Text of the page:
NEW YORK (AP) -- Santa isn't set to arrive for seven more months, but it sure looks like Christmas right now at the nation's toys stores.
Thanks to the lineup of much-awaited ``Star Wars'' merchandise and continued demand for anything tied to Pokemon and Furby, toy shops -- both big and small -- say business is booming during what is typically the slowest time of the year.
That's good news following a disappointing 1998, when a shortage of blockbuster hits caused sales of toys to fall.
``I can't believe how many people are here,'' said Stephanie Klein, on a recent visit with her son to FAO Schwarz in New York. ``This is the time of year that you aren't supposed to wait in line.''
Spring time usually is quite slow for toy retailers, who make the majority of their money during the fourth quarter as consumers buy gifts for the holidays.
Sales a year ago were particularly soft, after movies such as ``Godzilla'' and ``Mulan'' were big disappointments at the box office and failed to spur toy sales.
But this year, merchants are getting a big sales jolt in the off-season. In recent weeks, there have been reports of crowds jamming stores and checkout lines running 10-people deep -- hardly typical for May.
Adding fuel to the buying-frenzy: a healthy U.S. economy that is giving Americans extra money to spend, combined with a wider assortment of must-have toys than in years past.
``These popular toys are the catalyst to draw them to the store,'' said Alan Marcus, a spokesman for FAO Schwarz. ``But many are buying something else once they are in the store.''
That's what Gina Diaz did this week while at FAO's New York store. After grabbing a few ``Star Wars'' action figures for her nephews, she also bought some Play-Doh and a Barbie doll for her nieces -- both impulse purchases.
``I usually avoid toy stores except for Christmas,'' said Diaz, who is from the Bronx borough of New York. ``But I came for the ``Star Wars'' stuff and I decided to get a few other things while I was here just for fun.''
The new ``Star Wars'' merchandise -- from action figures to spinning lollipops -- hit store shelves on May 3.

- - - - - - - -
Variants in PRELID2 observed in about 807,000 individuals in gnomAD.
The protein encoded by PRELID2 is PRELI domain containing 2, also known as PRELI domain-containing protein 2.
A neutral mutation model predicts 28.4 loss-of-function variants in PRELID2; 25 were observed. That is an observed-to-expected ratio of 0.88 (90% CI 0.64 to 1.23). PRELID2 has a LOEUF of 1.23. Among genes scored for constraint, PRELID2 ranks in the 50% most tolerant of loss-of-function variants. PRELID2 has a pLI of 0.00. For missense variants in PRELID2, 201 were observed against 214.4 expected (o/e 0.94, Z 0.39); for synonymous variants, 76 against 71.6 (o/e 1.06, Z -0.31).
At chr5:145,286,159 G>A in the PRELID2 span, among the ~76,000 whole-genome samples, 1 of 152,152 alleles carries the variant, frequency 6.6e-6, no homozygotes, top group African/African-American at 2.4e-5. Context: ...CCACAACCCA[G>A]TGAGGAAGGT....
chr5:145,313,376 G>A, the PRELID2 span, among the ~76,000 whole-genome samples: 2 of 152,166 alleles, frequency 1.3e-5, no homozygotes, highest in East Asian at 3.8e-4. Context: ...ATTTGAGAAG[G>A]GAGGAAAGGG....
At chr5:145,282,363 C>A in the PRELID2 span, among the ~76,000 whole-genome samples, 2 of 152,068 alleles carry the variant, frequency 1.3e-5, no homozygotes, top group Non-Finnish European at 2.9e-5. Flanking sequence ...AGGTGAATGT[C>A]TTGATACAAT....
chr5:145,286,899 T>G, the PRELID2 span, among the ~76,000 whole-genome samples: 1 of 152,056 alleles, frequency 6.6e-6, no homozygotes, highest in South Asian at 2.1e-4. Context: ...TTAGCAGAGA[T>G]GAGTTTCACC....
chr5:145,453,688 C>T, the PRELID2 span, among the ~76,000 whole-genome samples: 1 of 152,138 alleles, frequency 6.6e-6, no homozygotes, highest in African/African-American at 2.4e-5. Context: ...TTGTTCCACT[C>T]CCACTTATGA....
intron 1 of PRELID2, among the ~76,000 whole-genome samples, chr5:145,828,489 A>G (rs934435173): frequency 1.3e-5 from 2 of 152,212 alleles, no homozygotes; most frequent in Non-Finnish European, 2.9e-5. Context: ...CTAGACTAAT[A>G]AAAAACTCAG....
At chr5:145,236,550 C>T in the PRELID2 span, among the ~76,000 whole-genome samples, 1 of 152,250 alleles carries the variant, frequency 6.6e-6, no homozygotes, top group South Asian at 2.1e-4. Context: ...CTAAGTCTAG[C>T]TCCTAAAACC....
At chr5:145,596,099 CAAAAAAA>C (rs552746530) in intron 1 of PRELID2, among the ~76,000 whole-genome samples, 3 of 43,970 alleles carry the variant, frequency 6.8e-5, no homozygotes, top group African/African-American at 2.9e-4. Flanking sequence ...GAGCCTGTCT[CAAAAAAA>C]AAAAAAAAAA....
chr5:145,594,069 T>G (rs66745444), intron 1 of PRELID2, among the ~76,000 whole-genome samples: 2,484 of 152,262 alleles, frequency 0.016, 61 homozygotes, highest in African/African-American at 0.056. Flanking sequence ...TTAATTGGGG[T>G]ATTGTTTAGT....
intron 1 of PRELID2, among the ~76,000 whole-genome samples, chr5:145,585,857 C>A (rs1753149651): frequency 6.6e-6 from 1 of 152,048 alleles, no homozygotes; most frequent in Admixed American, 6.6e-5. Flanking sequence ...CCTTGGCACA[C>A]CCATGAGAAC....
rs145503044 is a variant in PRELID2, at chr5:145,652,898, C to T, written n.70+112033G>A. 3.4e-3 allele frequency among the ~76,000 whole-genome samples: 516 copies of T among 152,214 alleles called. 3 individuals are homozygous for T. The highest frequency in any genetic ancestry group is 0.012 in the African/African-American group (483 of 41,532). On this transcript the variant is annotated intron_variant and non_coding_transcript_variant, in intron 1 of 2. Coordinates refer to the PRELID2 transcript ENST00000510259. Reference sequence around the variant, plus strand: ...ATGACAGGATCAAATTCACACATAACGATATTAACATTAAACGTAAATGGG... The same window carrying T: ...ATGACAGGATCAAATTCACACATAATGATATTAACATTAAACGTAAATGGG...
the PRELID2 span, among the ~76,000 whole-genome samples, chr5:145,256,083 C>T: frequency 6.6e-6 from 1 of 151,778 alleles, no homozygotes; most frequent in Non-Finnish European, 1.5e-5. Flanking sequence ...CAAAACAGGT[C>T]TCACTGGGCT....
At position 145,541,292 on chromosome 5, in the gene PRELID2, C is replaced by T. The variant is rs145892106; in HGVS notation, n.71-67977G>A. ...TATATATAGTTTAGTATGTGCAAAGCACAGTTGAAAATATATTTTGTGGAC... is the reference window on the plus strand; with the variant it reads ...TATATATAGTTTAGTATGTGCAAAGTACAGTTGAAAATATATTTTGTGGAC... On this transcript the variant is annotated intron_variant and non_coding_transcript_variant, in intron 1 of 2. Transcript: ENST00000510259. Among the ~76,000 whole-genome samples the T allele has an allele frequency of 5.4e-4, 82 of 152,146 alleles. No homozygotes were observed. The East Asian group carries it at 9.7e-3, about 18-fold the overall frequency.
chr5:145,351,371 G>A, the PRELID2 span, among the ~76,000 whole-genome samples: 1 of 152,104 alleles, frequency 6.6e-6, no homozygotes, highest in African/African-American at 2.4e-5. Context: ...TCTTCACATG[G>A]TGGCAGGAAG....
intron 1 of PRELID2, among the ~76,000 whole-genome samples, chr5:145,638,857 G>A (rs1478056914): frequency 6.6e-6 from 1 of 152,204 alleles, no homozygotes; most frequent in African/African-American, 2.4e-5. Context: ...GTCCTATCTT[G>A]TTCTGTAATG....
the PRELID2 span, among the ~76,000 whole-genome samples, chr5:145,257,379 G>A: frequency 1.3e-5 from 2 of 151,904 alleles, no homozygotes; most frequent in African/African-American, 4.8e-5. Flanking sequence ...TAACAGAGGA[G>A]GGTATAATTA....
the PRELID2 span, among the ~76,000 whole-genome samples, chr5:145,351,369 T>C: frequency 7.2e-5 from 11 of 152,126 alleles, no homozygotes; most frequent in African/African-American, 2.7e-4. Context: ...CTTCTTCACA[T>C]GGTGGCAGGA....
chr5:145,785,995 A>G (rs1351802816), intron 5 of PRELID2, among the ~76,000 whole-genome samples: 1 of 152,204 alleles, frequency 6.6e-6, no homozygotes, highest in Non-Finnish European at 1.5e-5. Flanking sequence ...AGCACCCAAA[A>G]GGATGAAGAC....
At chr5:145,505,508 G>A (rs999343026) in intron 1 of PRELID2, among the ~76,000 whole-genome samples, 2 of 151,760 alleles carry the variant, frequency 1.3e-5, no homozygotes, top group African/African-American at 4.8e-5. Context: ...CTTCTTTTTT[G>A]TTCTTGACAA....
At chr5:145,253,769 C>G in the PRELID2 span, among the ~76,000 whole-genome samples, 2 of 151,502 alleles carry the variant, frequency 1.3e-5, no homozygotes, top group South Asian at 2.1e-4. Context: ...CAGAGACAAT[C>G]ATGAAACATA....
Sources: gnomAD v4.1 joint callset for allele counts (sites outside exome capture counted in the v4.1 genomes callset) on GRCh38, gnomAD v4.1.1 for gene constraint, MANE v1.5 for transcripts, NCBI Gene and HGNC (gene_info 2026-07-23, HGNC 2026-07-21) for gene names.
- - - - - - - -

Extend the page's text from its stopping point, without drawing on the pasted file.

While the first wave of buyers has been made up mostly of adult collectors, retailers anticipate demand to really soar once the film hits theaters on May 19 and children then want the toys they've seen on the big screen.
Merchants are also confident that traffic will continue through the summer as toymakers stagger the release of new ``Star Wars'' products over the next few months.
Also luring shoppers is the Pokemon craze, which hasn't slowed a bit since taking off late last year. More than 2.6 million of the $30 Nintendo Game Boy video games based on the fantasy Japanese cartoon have sold, and the hot-selling trading cards tied to the show's 150 animal characters are scarce nationwide.
``We are at the point that the cards are so popular that kids even want them in Japanese,'' said Bart Kaplan, manager at The Toy Box, a small toy shop in Thornwood, N.Y. ``I sold out of 600 packs in four days. It was incredible.''
Furby, meanwhile, remains the best-selling doll on the market. Since Christmas, more than three million have sold and retailers continue to bring in the talking, furry dolls from Asia by plane to keep up with demand.
New to toy stores -- but attracting crowds on the West Coast -- are Tech Deck Fingerboards, miniature tabletop skateboards that look like the real thing but are operated with fingers rather than feet.
``Everyone was worried about what this year would be for the toy industry,'' said Chris Byrne, a New York-based toy industry consultant. ``But it has turned into a really amazing year and Christmas is in seven months.''
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